Leaf start-up glitch leaves electric vehicle drivers, Nissan stranded

Nissan is facing yet another setback with its electric-powered vehicle, the Leaf. Today, the carmaker acknowledged reports of the Leaf failing to start due to problems with its air conditioning unit.

The Leaf is an ambitious electric vehicles with a low (by electric vehicle standards) price tag — still a hefty $33,000 — designed to attract more casual drivers to the electric car market. But Nissan has faced significant setbacks in deploying the car in the United States.

The 2011 Leaf is produced alongside non-electric cars such as the 2011 Juke and the 2011 Cube in Nissan plants. This method of production enables new cars to be gradually phased in, without disrupting the plant production schedule. But the strategy has come at a price–while there are more than 20,000 reservations in the U.S. for the Leaf, only 453 vehicles have made it stateside to date.

A 9.0-magnitude earthquake off the coast of Japan also stalled production of Leaf vehicles at Nissan’s plant, further delaying shipments of the car to the United States. That was supposed to change when Nissan announced that its Japanese factory responsible for making the five-seat family hatchback was set to double production over the next month. One in every six cars coming off Nissan’s Oppama production line was a Leaf. Nissan promised every third car would be a Leaf by the end of March.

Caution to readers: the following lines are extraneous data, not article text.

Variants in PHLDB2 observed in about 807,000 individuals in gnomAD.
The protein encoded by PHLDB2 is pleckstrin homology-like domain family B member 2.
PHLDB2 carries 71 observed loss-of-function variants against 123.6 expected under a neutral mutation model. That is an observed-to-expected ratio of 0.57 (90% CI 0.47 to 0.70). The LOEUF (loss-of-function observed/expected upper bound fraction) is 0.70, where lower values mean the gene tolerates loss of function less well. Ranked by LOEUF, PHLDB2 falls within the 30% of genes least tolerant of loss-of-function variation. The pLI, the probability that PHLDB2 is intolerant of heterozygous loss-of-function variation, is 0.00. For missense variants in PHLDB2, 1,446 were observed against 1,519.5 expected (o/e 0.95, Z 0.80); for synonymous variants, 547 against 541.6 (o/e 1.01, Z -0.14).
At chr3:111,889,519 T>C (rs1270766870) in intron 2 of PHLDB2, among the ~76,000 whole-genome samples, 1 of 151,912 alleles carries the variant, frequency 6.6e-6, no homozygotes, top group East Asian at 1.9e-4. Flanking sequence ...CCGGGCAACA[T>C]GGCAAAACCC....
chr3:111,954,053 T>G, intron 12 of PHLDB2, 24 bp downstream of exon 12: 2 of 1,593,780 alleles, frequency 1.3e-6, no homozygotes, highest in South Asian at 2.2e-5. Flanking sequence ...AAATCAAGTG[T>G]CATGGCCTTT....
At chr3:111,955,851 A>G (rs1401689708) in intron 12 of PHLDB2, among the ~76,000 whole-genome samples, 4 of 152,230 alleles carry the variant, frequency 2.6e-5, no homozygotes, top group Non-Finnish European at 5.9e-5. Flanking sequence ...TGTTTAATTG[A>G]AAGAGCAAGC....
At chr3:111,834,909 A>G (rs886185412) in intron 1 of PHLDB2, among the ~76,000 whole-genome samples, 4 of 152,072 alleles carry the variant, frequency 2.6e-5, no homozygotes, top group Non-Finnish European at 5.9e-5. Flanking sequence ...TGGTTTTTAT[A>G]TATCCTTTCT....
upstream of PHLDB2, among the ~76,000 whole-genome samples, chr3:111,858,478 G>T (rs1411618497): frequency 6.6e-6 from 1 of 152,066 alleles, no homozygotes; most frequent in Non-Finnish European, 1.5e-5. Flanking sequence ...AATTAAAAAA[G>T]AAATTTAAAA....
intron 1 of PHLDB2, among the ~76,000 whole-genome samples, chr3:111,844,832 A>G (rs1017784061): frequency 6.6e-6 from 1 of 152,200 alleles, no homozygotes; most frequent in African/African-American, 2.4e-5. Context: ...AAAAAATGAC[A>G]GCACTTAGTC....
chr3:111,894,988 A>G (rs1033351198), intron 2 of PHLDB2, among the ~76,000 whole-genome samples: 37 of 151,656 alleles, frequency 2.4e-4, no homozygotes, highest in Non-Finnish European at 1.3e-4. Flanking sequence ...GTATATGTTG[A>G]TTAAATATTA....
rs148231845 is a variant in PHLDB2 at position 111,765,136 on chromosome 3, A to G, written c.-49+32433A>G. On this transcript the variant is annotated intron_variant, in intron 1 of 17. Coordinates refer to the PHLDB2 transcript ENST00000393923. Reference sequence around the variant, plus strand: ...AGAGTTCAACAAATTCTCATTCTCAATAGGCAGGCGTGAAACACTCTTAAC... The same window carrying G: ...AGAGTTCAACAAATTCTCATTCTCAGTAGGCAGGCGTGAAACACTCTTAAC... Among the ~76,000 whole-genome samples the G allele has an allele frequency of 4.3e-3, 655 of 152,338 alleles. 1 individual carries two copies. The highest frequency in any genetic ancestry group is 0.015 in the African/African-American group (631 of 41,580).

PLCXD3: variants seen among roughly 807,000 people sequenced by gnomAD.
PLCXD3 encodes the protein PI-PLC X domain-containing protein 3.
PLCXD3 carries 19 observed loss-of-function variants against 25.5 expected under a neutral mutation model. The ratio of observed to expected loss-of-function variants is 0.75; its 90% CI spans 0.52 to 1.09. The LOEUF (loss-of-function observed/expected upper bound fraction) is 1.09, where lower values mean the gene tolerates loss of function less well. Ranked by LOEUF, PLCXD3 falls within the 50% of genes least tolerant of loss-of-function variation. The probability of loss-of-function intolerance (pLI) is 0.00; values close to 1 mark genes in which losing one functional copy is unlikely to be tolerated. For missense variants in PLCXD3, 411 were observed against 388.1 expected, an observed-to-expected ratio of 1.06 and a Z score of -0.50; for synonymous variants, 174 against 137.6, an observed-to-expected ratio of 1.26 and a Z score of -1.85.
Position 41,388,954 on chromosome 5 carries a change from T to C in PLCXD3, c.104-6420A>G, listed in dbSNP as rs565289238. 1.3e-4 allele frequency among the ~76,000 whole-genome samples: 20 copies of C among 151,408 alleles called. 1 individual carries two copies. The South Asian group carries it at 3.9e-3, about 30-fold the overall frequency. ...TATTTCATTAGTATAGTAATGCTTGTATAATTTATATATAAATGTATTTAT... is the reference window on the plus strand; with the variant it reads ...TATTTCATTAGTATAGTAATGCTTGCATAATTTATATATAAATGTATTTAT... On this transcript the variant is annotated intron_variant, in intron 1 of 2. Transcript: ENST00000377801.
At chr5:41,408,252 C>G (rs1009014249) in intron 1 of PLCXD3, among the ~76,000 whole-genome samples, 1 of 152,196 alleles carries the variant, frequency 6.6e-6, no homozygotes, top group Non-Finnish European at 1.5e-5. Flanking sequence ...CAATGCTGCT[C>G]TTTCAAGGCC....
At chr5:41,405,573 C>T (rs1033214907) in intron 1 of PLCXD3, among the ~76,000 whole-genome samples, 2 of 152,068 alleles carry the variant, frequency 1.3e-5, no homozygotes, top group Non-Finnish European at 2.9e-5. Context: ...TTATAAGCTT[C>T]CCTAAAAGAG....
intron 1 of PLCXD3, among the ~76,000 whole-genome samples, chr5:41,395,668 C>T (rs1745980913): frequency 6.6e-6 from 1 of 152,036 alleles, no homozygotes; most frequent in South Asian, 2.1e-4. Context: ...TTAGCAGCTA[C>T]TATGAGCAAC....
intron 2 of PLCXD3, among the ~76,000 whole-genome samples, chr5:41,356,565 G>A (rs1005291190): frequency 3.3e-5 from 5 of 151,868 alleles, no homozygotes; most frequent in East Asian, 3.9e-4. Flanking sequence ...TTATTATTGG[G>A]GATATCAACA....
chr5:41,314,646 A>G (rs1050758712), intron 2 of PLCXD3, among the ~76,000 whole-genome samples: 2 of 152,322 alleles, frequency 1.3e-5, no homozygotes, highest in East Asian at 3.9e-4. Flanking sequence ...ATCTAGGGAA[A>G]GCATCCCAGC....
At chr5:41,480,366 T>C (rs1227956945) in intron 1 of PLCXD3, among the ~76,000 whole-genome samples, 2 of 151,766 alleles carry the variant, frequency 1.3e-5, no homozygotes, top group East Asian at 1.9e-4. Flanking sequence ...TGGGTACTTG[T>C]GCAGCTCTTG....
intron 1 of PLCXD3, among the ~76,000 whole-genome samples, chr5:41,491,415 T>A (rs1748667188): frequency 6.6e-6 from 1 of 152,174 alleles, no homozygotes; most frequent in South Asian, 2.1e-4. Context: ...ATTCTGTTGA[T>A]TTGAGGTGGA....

There are plenty of other electric vehicle manufacturers, like Tesla Motors and Coda, that are looking to swipe some of Nissan’s customers in the nascent market.

Nissan said it does not plan to issue a recall for the Leaf as a result of the glitch, for which there is currently no fix.

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[Photo:  Tom Raftery]

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